This past year the judges of The America Award for International Literature and I selected the Austrian writer Ilse Aichinger. Knowing of her advanced age, I had often checked on the internet to make sure that she was still living. But once the decision had been made, and we were preparing to announce the award, my assistant Pablo Capra, in attempting to obtain a picture of her, discovered of her death on November 11,. Sadly, we had to make another choice for that award.
       As a kind of memorial to her, I reread her small collection of stories, The Bound Man, published by The Noonday Press in 1956. There was only one copy available in the entire Los Image result for ilse aichingerAngeles City Public Library system.
       These marvelous works are less “stories” than, in the manner of Kafka, parables and fables that often obliquely say something metaphorically rather than creating a realist narrative. The title story, for example, is about a man who awakens to discover that he has been bound with rope. A first he struggles to free himself, hardly believing that someone had intentionally tied him up in the manner in which they have: with the rope allowing his legs some free play, “and that round his body it was almost loose”; “His arms were tied to each other but not to his body, and had some free play too.”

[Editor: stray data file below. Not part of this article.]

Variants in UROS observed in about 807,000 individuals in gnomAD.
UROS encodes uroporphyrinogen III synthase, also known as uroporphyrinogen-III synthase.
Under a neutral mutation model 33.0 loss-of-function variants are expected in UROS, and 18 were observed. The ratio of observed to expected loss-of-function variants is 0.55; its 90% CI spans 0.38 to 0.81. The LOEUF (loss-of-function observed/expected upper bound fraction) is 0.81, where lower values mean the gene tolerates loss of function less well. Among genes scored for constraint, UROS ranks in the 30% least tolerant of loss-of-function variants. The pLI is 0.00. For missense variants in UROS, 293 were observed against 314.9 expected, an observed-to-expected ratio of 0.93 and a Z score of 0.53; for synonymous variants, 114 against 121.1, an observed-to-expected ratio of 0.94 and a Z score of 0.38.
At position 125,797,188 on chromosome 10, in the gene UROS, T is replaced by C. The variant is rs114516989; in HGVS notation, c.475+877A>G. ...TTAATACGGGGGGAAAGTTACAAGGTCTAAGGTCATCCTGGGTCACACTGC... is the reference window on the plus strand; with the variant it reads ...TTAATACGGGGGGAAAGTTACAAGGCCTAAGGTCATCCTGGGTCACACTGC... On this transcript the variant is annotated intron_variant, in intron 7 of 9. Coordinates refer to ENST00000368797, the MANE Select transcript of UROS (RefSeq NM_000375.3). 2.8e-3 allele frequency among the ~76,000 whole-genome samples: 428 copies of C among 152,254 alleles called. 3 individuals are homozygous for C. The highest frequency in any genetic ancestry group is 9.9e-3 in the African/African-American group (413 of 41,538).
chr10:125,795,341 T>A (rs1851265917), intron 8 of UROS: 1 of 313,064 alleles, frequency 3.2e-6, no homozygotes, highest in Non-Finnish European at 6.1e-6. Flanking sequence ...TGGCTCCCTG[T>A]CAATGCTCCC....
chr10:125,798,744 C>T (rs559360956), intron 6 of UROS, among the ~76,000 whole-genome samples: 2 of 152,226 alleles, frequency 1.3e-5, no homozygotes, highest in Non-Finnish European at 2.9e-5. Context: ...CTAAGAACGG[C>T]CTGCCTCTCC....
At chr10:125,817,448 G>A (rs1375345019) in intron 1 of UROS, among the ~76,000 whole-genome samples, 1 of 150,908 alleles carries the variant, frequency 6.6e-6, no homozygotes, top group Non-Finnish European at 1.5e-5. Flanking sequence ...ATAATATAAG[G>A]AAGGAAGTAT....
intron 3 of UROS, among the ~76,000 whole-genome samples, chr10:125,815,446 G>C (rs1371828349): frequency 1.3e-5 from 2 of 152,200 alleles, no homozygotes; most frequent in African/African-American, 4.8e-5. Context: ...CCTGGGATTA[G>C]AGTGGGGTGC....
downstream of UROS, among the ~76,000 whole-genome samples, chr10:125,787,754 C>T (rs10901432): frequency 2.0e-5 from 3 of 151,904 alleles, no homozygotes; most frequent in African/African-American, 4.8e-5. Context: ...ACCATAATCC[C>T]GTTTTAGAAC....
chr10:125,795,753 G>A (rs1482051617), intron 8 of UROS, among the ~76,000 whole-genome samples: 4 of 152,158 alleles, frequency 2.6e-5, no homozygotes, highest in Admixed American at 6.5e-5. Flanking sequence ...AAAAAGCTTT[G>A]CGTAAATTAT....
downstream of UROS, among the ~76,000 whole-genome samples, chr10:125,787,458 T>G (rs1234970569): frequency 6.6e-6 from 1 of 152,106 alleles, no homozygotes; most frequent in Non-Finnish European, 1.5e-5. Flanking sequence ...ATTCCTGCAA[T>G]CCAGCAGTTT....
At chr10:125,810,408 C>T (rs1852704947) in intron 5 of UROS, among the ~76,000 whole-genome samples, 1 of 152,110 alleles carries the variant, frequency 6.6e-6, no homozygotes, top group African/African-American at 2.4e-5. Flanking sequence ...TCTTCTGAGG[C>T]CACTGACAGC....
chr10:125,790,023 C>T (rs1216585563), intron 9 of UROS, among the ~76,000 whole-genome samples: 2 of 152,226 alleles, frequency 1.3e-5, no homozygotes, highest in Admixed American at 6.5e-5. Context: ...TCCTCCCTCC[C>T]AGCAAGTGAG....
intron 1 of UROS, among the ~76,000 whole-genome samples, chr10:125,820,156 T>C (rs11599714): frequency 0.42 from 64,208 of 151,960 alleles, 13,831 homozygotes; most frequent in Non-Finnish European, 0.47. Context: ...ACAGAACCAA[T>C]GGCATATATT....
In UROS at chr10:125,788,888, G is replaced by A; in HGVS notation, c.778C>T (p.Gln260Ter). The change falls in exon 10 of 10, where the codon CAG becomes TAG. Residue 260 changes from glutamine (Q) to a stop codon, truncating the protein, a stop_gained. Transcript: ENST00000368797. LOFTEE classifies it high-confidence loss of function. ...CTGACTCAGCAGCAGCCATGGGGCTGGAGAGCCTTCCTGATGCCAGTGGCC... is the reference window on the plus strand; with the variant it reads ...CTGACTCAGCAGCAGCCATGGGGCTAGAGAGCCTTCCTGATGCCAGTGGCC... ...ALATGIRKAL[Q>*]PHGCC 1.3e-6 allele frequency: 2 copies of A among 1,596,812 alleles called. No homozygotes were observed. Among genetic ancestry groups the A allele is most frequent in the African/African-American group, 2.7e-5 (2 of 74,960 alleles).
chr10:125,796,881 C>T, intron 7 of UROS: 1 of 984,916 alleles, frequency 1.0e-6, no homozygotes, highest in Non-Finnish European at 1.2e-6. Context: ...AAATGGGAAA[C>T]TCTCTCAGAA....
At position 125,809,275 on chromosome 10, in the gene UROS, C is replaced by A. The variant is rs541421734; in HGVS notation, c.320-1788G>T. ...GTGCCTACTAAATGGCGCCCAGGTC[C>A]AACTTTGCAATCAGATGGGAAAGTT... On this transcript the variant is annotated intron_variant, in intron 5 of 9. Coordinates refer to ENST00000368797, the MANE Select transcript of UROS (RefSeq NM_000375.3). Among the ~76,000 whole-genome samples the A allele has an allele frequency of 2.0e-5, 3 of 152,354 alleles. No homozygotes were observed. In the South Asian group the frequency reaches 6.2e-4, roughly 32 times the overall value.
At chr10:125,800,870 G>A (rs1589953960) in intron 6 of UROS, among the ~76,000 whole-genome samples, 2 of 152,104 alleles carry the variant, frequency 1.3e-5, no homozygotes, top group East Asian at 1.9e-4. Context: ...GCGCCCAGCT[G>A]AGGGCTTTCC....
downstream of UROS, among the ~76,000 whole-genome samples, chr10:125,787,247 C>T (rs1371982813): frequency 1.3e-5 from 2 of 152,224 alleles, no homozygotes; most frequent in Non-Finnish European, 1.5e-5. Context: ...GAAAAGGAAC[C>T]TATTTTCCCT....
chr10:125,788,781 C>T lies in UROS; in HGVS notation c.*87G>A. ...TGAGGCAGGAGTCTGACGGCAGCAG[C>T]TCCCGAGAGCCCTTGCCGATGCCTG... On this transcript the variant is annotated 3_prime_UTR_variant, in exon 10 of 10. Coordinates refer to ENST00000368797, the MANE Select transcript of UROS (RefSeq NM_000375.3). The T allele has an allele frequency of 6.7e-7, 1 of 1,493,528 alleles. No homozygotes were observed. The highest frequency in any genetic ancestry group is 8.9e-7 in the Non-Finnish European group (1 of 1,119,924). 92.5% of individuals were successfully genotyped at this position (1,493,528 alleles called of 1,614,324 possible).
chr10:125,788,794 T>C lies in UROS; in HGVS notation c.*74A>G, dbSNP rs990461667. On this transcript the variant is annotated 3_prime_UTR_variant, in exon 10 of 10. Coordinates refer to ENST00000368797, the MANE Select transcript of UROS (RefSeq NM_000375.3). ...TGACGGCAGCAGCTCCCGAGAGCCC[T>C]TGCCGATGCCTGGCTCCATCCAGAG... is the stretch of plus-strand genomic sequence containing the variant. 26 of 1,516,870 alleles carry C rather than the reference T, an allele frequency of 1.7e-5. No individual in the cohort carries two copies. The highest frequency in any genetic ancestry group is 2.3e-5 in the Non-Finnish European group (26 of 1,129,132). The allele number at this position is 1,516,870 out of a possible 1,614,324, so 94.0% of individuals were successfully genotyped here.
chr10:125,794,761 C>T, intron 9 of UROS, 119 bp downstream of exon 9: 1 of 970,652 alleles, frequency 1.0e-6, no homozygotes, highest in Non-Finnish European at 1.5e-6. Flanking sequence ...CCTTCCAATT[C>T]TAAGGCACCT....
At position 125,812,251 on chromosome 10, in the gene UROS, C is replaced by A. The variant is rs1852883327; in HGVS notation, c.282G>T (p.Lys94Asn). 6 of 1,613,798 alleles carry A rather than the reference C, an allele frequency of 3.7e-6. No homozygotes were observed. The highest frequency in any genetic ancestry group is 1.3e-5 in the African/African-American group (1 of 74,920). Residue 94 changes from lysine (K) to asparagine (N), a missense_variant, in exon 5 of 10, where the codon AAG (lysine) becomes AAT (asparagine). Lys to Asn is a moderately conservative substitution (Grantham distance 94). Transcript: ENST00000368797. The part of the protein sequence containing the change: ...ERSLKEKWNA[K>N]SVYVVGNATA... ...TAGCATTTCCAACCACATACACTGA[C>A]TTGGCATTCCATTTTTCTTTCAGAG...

Finally he stands, and attempts to unknot the rope, but he cannot loosen it. Discovering he can walk, he goes forward, ultimately reaching a village where, to get enough money to eat, he advertises himself as “the bound man,” kneeling, standing up, jumping, and even turning cart-wheels for the spellbound audience.
     His fame grows, and eventually joins a circus where he becomes quite famous, particularly since he remains bound night and day, sleeping and performing. 
     Many of the other performers, however, want him to untie himself offstage, but he and the circus proprietor refuse that privilege, and some attempt to burn off or untie his rope, upon which they fired. His very identity depends now upon his lack of freedom. And despite his condition he has now learned to do spectacular things, including choking a caged wolf to death.
     The proprietor’s wife, however, is determined to free him, and when he about to kill another wolf, suddenly cuts his ropes. As the wolf comes toward him, he now unable to physically take on the wolf, and, instead, grabs a gun and shoots him, running off with both members of the crowd and circus-members at the chase. He escapes, but he is no longer a special being, and ultimately loses his memory of his previous history.
      This fable, of course, might be about any member of a totalitarian system, who despite the restrictions of the life is still able to do accomplish amazing things. Aichinger, herself a survivor of the Nazi invasion, might metaphorically be speaking of herself.
     “Story in a Mirror” is presented almost as a series of commands in which the reader is asked to imagine himself dead with ability to move backwards through life. Indeed the story of this imaginary being is told in reverse, from death to birth, similar in some respects to the Fitzgerald story, retold in David Fincher’s film, The Curious Case of Benjamin Button, and just as in that tale the unwinding of life is almost the same in either direction.